Tuesday, August 6, 2013

Age Matters

Here’s an interesting article regarding a study about people’s perceptions of older people and their attitudes, and how it might affect the workplace. Age discrimination cases are notoriously difficult to prove not only because of the higher standard of proof (an age discrimination plaintiff has to show that his age was the “but for” cause of the adverse employment decision; plaintiffs with Title VII discrimination claims only have to show that the protected factor “motivated” the employment decision), but the evidence of age bias is usually not nearly as direct as it is in other forms of discrimination cases.

The study revolved around the reaction of 137 Princeton University undergraduates, who were shown a video of someone who would be their partner in a trivia contest talking about themselves. These potential partners were all white males, but were either 25, 45, or 75 years old. Each one adhered to the same script in talking about himself, except that half the time the person indicated that he was the kind of person who shared his wealth with relatives (a "compliant" personality), and the other half of the time he said he had no obligation to share with relatives. For the 25 or 45 year old subject, it made no difference whether he was generous or not, but the 75 year-old who indicated he was not generous (this was characterized as being “assertive” by the researchers) received a very high negative rating from the undergrads.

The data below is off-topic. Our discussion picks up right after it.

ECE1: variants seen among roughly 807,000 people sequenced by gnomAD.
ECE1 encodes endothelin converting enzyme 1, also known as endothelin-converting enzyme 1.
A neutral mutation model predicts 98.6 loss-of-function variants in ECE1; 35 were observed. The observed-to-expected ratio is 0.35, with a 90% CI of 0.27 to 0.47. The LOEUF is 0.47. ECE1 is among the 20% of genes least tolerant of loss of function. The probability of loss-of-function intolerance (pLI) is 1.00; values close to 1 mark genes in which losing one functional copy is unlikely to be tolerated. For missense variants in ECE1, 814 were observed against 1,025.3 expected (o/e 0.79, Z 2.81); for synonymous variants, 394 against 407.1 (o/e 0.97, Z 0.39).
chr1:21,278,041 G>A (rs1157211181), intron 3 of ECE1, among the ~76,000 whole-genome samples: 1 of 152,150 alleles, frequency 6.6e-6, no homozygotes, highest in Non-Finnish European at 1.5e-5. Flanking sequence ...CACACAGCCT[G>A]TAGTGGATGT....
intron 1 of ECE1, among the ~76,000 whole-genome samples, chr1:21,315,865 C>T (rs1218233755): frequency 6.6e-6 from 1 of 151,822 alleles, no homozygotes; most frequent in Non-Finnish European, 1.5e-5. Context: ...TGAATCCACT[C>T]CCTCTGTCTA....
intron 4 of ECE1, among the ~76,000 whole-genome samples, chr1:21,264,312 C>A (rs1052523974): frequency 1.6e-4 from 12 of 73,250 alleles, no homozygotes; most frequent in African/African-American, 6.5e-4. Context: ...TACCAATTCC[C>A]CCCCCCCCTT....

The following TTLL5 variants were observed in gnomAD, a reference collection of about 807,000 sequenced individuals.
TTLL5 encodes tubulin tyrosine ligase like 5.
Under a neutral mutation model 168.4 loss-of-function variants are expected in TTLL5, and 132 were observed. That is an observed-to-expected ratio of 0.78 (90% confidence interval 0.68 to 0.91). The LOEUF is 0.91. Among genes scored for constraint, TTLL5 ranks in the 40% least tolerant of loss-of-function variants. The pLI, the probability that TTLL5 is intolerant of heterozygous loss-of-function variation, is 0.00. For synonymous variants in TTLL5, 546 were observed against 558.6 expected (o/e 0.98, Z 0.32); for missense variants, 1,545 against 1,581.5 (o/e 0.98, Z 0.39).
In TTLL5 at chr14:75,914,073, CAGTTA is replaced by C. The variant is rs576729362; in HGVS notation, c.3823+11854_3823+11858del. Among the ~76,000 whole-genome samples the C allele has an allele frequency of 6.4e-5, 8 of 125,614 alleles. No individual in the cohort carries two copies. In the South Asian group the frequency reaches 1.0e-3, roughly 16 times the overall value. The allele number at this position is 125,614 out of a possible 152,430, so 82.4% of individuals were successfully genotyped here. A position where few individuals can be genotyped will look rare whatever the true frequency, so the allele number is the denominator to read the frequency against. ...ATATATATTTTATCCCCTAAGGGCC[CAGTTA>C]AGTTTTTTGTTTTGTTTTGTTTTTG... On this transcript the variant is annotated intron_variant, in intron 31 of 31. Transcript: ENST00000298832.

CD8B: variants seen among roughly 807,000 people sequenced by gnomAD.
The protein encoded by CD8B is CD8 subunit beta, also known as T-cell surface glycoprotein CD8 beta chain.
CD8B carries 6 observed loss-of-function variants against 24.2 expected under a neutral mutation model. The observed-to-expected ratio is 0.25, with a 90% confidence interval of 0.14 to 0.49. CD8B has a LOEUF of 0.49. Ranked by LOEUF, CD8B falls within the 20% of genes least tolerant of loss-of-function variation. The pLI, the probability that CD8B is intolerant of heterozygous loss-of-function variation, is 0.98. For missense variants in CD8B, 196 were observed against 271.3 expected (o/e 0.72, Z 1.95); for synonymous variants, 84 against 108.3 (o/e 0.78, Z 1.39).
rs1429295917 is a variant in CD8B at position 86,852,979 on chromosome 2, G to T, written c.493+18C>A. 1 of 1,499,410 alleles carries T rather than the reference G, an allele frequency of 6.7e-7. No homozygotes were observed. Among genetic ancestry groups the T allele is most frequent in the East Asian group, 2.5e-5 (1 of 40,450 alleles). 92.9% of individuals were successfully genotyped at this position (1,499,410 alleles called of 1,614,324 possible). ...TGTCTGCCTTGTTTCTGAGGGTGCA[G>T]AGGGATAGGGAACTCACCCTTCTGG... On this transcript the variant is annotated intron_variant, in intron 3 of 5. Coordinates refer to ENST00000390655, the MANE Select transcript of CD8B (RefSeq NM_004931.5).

The lesson- if you are an older worker, and you want to speak your mind to your manager, you should expect some fall out. Does this equate to age bias? Unquestionably, but it appears to be something that is fairly subtle, although strongly ingrained.  Per my standard advice, the key to combating this type of bias is to focus on performance specifics, rather than some unspecified type of gut reaction to a particular individual. My guess is that it's easier for people to recognize visceral reactions triggered by race or gender, but it's clear from this study that age can generate just has negative a response.

There is a lot more research developing on the this type of bias, since these age discrimination claims are the fastest increasing type over the last few years. That trend should continue as Boomers move into the Social Security zone, but find it increasingly necessary to work.

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